November 19, 2008
Monetary Policy and Asset Prices Revisited
Vice Chairman Donald L. Kohn
At the Cato Institute's 26th Annual Monetary Policy Conference, Washington, D.C.
As you know, we are in the midst of a global financial crisis that is now weighing heavily on economies around the world. Although the outlook remains extremely uncertain, both the fragility of the financial system and the weakness in real activity seem likely to persist for a while. To promote maximum sustainable economic growth and price stability, the Federal Reserve has responded to this crisis by easing monetary policy markedly, and we have greatly expanded our liquidity facilities to keep credit flowing when private lenders have become reluctant or unable to do so. Other central banks have also cut policy rates significantly and expanded their lending. In addition, the federal government and governments around the world have taken extraordinary actions to strengthen financial systems to preserve the ability of households and businesses to borrow and spend.1
The current situation is so severe that it calls for careful review of how such a crisis evolved and how we can prevent a similar situation from happening again. This conference is a welcome step in that review, as it asks about the lessons we have learned, particularly for monetary policy, from the collapse of subprime lending and the preceding house-price bubble--developments that contributed importantly to the present financial crisis.
This morning I would like to reflect on some of what I, in my role as a monetary policy maker, have learned from recent developments in the housing sector and, more broadly, in financial markets as a whole. In doing so, I will revisit the remarks I made in 2006 in Frankfurt at a festschrift for Otmar Issing.2 There I argued that a central bank facing a possible asset bubble would have to surmount some high hurdles before it would be justified in tightening policy beyond what the outlook for output and inflation would require, after taking into account past and projected asset price developments. In the aftermath of the collapse of the housing market and in the midst of the ensuing financial and economic turmoil, does that conclusion still hold? More time and study will be needed before we can be confident about the lessons of the current crisis. But to foreshadow the remainder of these remarks, based on what we know today, I still have serious questions about whether trying to use monetary policy to check speculative activity on a regular, systematic basis would yield benefits that outweigh its costs.
I hasten to add that it is evident from the current crisis that much has to change on the regulatory front. Governments around the world face the challenge of revamping the regulatory structure governing financial markets. And changes in this area, I believe, will prove to be the most necessary and effective at reducing the odds on another severe financial crisis. Today, however, I will focus on some of the lessons of the current crisis for monetary policy.
Alternative Strategies for Addressing Asset Price Bubbles
In my 2006 speech, I discussed two different strategies for monetary policy to deal with a possible asset price bubble--the "conventional strategy" and "extra action." A central bank following the conventional strategy does not attempt to use monetary policy to influence the speculative component of asset prices, on the assumption that it has little ability to do so and that any attempt will only result in sub-optimal economic performance in the medium run. Instead, the central bank responds to asset price movements, whether driven by fundamentals or not, only to the degree that those movements have implications for future output and inflation. This conventional strategy conforms to the Federal Reserve's dual mandate under the law and it has been our policy strategy; it also has been consistent with the practices of most inflation-targeting central banks.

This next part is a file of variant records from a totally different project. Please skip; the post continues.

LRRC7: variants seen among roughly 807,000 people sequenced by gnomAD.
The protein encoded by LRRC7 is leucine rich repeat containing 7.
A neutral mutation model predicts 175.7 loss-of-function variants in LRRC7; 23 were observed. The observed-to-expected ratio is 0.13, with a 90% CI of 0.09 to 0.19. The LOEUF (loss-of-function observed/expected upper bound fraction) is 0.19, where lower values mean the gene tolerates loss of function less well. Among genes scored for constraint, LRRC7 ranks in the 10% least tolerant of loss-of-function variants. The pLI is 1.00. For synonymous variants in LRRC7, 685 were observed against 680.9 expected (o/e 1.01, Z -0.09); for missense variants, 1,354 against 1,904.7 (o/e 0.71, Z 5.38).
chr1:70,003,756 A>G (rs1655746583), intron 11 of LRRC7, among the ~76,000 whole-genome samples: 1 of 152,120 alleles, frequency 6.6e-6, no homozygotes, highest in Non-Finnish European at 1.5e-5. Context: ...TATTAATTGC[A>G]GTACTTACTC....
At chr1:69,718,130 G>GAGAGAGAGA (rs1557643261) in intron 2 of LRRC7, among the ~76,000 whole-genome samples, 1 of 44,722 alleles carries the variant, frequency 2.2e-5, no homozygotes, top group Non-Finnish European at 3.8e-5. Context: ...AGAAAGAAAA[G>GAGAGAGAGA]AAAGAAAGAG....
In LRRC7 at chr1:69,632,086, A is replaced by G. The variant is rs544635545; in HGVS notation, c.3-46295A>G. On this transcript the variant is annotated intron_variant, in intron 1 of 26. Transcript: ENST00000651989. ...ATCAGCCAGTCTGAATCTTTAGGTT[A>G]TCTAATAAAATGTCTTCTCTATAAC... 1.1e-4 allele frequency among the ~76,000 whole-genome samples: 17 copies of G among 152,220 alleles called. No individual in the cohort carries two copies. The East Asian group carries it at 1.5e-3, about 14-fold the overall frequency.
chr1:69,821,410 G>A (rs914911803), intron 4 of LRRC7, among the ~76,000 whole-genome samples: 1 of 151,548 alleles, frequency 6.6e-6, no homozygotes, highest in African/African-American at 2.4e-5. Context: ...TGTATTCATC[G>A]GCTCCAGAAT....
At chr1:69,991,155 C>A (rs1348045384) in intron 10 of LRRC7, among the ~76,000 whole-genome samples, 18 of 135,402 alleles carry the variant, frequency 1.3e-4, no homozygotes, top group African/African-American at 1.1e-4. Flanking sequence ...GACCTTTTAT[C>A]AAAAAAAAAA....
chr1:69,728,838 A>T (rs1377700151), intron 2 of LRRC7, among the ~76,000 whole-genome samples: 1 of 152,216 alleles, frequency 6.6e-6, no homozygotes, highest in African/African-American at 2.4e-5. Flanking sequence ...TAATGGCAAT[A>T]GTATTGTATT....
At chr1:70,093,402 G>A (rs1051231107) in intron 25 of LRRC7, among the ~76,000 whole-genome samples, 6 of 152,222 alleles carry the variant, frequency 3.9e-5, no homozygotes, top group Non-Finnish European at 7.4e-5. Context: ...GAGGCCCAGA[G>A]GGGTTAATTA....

However, some observers have argued for a more activist policy than this one. Specifically, they have urged central banks, upon perceiving the development of an asset bubble, to take extra action by tightening policy beyond what the conventional strategy would suggest, with the hope of limiting the size of the bubble and thus the fallout from its deflation. Such a strategy, if successful, could deliver substantial benefits, and a number of central bankers have talked about the need to consider a policy of extra action on occasion, and perhaps have even implemented such a strategy. However, taking extra action also would entail some costs, such as creating, for a time, higher unemployment and lower inflation than would otherwise be desired.
In assessing these two alternatives for monetary policy, in the 2006 speech I concluded that a strategy of extra action might be justified if three tough conditions were met. First, policymakers must be able to identify bubbles in a timely fashion with reasonable confidence. Second, a somewhat tighter monetary policy must have a high probability that it will help to check at least some of the speculative activity. And third, the expected improvement in future economic performance that would result from the curtailment of the bubble must be sufficiently great. Of course, we live in an uncertain world, and accordingly policymakers should always be open to the possibility that these conditions might be satisfied and that extra action would be appropriate. But my thought at the time was that, in practice, the likelihood of ever meeting the three conditions seemed remote. In the aftermath of the bursting of the housing bubble, however, the severity of the fallout might seem to call this judgment into question. So let's re-examine each of the three conditions and see what the current crisis has taught us.